5 Tips For Protecting Your Pets From Wildlife

As communities grow and expand, wild animals are losing their natural habitat and are becoming acclimated to urban and suburban surroundings.

This encroachment of wild animals can be a problem for domesticated pets including cats and dogs. Wild animals can easily hurt, maim or even kill household pets that do not have the survival skills or temperament to defend themselves.

To help pet owners, Southeast Area Animal Control Authority has released a list of tips to help pet owners keep their pets safe from wild animals.

1. Don’t leave food outside
Wild animals can be expert foragers. Leaving food outside (leftovers, pet food, trash or anything else) can be an invitation to wild creatures

2. Get your pet vaccinated
Wild animals can be a mode of rabies transmittal. Ensure your pet is vaccinated just in case he or she is attacked and infected.

3. Notify the authorities
If you notice a wild animal or animal tracks near your home, immediately contact your local animal control or wildlife service agency. They have the resources and skills to handle these situations and make your environment safer for your pet.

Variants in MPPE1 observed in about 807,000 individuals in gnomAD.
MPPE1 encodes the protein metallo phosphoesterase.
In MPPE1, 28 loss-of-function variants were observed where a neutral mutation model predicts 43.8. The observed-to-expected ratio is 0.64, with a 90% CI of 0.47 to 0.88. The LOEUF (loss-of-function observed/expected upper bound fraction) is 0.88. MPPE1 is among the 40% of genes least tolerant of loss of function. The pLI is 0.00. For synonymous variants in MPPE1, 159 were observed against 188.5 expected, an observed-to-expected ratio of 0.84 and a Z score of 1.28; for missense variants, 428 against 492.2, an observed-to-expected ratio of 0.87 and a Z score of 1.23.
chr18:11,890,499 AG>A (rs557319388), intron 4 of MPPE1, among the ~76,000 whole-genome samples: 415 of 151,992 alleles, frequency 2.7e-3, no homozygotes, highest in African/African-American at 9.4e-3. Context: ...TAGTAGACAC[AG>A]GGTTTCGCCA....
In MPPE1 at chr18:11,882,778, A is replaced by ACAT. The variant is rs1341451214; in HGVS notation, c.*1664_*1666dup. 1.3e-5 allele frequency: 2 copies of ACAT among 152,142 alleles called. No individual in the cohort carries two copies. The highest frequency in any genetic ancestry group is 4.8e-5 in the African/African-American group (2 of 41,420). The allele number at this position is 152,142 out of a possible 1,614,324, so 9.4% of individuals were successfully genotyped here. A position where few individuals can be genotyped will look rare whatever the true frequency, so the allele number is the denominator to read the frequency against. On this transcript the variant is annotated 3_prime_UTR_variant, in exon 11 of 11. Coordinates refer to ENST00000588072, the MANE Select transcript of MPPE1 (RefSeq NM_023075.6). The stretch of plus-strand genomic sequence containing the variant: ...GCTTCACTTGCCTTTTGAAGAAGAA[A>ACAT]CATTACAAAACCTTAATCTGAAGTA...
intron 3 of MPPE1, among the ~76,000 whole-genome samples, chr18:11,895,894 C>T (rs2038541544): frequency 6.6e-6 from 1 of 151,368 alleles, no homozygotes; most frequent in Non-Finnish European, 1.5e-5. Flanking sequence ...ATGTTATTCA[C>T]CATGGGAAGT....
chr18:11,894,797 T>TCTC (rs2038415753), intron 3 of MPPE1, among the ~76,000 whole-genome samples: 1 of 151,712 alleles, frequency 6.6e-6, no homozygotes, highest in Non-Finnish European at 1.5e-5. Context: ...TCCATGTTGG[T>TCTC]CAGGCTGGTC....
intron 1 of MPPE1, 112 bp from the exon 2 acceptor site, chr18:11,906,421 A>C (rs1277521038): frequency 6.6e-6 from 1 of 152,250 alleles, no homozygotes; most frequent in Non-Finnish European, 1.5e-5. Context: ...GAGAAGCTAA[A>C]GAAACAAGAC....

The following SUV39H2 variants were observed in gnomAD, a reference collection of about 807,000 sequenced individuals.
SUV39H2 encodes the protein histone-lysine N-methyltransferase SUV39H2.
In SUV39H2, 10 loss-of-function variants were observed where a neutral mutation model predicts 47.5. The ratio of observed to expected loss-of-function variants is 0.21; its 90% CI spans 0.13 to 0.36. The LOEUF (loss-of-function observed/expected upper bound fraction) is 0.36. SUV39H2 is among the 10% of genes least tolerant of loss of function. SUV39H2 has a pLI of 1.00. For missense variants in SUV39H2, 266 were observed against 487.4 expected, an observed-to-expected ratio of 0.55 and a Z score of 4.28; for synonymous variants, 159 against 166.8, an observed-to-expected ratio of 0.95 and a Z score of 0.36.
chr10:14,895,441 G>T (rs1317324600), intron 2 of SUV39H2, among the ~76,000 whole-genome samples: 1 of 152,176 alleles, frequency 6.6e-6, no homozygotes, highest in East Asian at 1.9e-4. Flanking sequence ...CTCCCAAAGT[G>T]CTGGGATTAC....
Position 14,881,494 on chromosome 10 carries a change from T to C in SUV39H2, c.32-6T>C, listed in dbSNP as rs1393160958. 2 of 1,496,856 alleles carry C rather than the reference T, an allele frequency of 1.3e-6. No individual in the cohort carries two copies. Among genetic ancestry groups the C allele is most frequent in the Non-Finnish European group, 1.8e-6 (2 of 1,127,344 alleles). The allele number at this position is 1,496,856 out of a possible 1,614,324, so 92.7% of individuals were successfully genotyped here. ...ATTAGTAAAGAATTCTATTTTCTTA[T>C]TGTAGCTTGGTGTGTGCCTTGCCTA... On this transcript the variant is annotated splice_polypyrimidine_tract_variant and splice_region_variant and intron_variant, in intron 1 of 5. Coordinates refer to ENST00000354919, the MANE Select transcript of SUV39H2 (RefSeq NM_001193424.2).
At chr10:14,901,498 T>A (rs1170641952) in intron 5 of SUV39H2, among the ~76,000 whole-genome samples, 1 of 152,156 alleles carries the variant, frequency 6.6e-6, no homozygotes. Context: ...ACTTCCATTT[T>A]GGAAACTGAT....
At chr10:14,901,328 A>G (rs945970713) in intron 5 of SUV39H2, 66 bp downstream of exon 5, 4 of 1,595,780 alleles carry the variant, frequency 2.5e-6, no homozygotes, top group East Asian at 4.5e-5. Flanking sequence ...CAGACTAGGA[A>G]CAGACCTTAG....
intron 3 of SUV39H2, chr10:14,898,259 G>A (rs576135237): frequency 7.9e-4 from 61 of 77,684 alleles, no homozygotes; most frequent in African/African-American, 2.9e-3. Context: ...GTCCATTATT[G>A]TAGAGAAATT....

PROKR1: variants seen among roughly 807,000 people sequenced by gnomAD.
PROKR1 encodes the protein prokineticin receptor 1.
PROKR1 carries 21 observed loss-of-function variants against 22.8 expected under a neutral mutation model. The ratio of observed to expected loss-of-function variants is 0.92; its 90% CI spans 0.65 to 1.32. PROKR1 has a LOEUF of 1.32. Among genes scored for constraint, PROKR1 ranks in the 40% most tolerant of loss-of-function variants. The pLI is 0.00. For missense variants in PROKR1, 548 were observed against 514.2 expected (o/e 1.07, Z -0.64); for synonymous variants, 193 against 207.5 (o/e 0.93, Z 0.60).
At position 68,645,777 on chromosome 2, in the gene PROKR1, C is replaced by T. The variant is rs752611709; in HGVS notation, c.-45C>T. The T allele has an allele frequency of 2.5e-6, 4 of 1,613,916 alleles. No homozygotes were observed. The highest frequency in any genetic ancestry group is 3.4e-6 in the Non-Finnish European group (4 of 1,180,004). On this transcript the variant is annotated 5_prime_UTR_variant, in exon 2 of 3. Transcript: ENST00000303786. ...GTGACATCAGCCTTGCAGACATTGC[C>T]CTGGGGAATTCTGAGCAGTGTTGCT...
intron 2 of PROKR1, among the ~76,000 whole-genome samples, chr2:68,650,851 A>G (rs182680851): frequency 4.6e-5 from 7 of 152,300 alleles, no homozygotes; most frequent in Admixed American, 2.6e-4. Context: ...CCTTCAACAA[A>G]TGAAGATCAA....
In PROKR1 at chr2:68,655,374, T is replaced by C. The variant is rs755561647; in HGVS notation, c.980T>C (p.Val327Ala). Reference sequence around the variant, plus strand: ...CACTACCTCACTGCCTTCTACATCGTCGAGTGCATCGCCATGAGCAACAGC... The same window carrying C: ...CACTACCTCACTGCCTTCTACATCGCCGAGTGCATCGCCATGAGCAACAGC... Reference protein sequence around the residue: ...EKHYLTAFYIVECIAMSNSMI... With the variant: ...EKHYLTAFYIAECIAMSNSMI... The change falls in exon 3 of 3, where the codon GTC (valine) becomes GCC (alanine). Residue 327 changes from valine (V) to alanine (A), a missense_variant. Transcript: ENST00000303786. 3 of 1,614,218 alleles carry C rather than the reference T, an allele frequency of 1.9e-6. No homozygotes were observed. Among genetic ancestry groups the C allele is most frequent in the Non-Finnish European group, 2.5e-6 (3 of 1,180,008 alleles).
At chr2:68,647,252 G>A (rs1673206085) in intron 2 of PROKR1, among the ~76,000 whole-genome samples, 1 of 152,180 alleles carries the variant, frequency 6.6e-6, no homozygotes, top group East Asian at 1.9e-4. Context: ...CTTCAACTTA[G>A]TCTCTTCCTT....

4. Protect your home/ Clear your surroundings
Make sure wild animals cannot get into your home through open doors or windows, including dog doors. Many wild animals roam in the nighttime, when you and your pets are sleeping. Lock and secure your doors and windows before you go to bed.

Excessive debris, vegetation, fallen trees and hillside brush and shrubs can be enticing hiding places for snakes and other wild animals. Clear the areas around your home to avoid un-welcomed surprises for you and your pets.

5. Keep your pet on a leash/ Don’t let your pet roam outdoors alone
It is best to keep an eye on your pet when outdoors so that they do not become targets for wildlife. When hiking or walking trails with pets it is best to keep them on a leash. Excessively long leashes or no leashes at all, can allow your pet to explore hidden areas where they could possibly uncover snakes or other wild animals.

“As our population continues to grow and we encroach upon wildlife, we need to be extra vigilant about pet safety,” notes SEAACA Executive Director, Dan Morrison. “With a few smart precautions, we can protect our much-loved pets from dangerous encounters with wild animals.”

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